The Royal Group of Cambodia’s plans to build a 300-room, four-star hotel near the famed temples of Angkor were torpedoed by Prime Minister Hun Sen, according to a broadcast Monday on TVK.
Hun Sen cited “irregularity” in the Siem Reap project’s approval process, dealing a blow to the prominent Cambodian firm’s diverse interests that include retail sales, mobile phones, and real estate.
Government officials said the agreement that allowed the project to begin primarily involved local Siem Reap officials and the company, and too little consultation with Phnom Penh.
Hun Sen issued a sub-decree Dec 30 that canceled a lease agreement on 50,000 square meters of state-owned land between the Royal Group and provincial authorities. The sub-decree also annulled approval by Siem Reap authorities on letting the firm develop a hotel on the property, according to the TVK broadcast.
Hun Sen further ordered that the land should be returned to the province and that management of it should be handled by the Apsara Authority, the government’s top supervisory body for the temple area, the announcement said.
The planned hotel site is adjacent to the football stadium on the outskirts of the town en route to Angkor Wat.
A government spokesman said Monday that the firm has not obtained approval for the lease of the state property from either the Council of Ministers or the Finance Ministry, which manages state property, noting approval from a local governor alone is not enough to carry out the project.
“You must go through the Council of Ministers and the Ministry of Finance in a case that you lease, sell or buy state property,” said the spokesman, who asked not to be named.
The official pointed out that the National Assembly passed a state property law early 1998 that requires such approvals from the government.
“[The approval by the local authority] was a ‘parachute’ contract that an investor drops in without going through the proper channels. That company made a mistake,” he said.
Nov Sam, former first vice governor of Siem Reap and current Battambang governor, admitted Monday that there was “irregularity in the procedure” for the hotel deal, but did not elaborate.
“Prime Minister Hun Sen’s decision was right….We should’ve protected the cultural heritage,” said Nov Sam, a CPP-appointee who was one of the most influential people in Siem Reap for more than 10 years until he was relocated last year.
The company, however, on Monday defended its record. It claimed it received an investment approval from the Council for the Development of Cambodia—a government agency that registers investment projects—in addition to the local authority’s green light.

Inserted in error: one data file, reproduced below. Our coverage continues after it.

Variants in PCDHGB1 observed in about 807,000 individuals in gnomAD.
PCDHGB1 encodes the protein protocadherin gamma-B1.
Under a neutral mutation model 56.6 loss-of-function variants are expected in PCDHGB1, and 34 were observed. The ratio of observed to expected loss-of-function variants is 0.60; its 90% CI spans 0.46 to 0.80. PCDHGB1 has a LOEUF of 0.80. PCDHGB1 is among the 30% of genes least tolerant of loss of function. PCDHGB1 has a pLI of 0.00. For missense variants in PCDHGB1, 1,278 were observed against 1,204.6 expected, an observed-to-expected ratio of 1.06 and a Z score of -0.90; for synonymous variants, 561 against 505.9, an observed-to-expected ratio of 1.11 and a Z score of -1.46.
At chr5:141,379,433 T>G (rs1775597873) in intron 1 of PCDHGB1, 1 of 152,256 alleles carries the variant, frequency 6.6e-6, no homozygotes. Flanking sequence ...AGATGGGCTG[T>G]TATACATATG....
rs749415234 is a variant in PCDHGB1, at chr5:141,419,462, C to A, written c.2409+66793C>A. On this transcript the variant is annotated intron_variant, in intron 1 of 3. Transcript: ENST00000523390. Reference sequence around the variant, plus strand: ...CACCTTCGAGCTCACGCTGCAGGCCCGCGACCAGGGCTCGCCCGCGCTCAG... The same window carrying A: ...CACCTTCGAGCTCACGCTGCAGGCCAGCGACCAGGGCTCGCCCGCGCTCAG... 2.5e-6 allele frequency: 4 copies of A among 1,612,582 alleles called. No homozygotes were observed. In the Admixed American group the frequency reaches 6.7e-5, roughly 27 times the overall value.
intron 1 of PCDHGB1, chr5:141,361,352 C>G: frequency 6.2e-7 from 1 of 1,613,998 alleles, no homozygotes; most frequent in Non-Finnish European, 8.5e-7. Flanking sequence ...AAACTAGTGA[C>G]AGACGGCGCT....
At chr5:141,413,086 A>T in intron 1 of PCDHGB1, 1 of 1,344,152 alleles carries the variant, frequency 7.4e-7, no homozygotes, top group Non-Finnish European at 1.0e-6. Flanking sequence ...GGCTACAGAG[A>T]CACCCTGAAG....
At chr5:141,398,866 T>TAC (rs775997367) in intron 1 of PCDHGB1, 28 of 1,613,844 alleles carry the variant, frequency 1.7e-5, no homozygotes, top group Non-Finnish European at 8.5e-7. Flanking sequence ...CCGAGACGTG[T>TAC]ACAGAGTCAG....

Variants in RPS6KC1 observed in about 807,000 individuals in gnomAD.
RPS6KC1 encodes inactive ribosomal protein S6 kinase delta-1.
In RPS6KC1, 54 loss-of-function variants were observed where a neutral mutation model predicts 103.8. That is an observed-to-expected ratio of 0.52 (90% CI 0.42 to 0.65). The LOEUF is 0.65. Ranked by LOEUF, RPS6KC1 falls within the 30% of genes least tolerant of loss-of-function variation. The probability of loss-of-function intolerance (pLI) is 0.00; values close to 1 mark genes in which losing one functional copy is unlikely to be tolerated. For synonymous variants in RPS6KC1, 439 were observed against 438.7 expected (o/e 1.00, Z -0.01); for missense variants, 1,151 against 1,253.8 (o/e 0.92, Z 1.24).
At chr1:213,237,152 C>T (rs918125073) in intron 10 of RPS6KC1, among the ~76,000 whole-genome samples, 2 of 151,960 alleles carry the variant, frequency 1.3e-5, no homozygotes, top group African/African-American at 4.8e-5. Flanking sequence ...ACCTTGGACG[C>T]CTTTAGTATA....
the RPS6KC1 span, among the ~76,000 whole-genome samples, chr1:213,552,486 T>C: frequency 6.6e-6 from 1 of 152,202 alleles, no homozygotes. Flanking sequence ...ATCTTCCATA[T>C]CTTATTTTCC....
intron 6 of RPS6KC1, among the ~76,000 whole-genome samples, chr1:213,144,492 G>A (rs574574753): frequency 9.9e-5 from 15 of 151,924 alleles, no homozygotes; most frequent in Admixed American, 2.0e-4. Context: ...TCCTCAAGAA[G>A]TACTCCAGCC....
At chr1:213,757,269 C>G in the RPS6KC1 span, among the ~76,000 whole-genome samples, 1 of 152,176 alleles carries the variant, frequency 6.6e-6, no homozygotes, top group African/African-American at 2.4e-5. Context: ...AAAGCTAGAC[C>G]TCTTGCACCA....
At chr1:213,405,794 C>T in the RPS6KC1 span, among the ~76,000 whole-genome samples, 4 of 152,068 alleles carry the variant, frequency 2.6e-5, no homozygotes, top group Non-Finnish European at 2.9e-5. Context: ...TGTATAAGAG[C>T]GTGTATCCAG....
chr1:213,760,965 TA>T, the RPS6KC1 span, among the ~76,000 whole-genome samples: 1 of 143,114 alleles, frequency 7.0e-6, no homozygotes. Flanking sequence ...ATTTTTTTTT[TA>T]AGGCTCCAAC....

“We’re professional and always abide by laws. We have done nothing wrong,” said a company official, who asked not to be identified. “If the local authority made a mistake, the government should punish officials involved. They should not punish the investor.”
The plot of land is home to a “conference hall” built in the 1960s and is considered to have national heritage value, the TVK broadcast said.
Siem Reap authorities made a lease agreement with the company for the hotel development in June 1998 and issued an approval letter in January 1999 to allow the development, according to the announcement and the copy of the lease agreement. The Royal Group established the Royal Heritage Hotel Company to carry out the project in February 1999.
Although the Royal Group had not received permission from the Council of Ministers, the CDC approved the $20 million hotel development project on Jan 25, according to a copy of the approval obtained from the Royal Group.
“The CDC approved the project after reviewing all the documents we submitted, including the land lease agreement,” the company official said. “I don’t understand why now the government wants to stop the project.”
The only official comment Royal Group Chairman Kith Meng would make was: “I will follow whatever Prime Minister Hun Sen decides.”
Suy Sann, second deputy governor of Siem Reap, confirmed Monday that the local authority has taken back the ownership and given the management to the Apsara Authority as of Dec 30.
“The building is very important for Siem Reap because the building is one of Cambodia’s heritage. It’s not good idea to knock down the building,” said Suy Sam.
“If we rebuild the building, it would cost millions dollars…. We should preserve the building,” he said. (Additional reporting by Ham Samnang)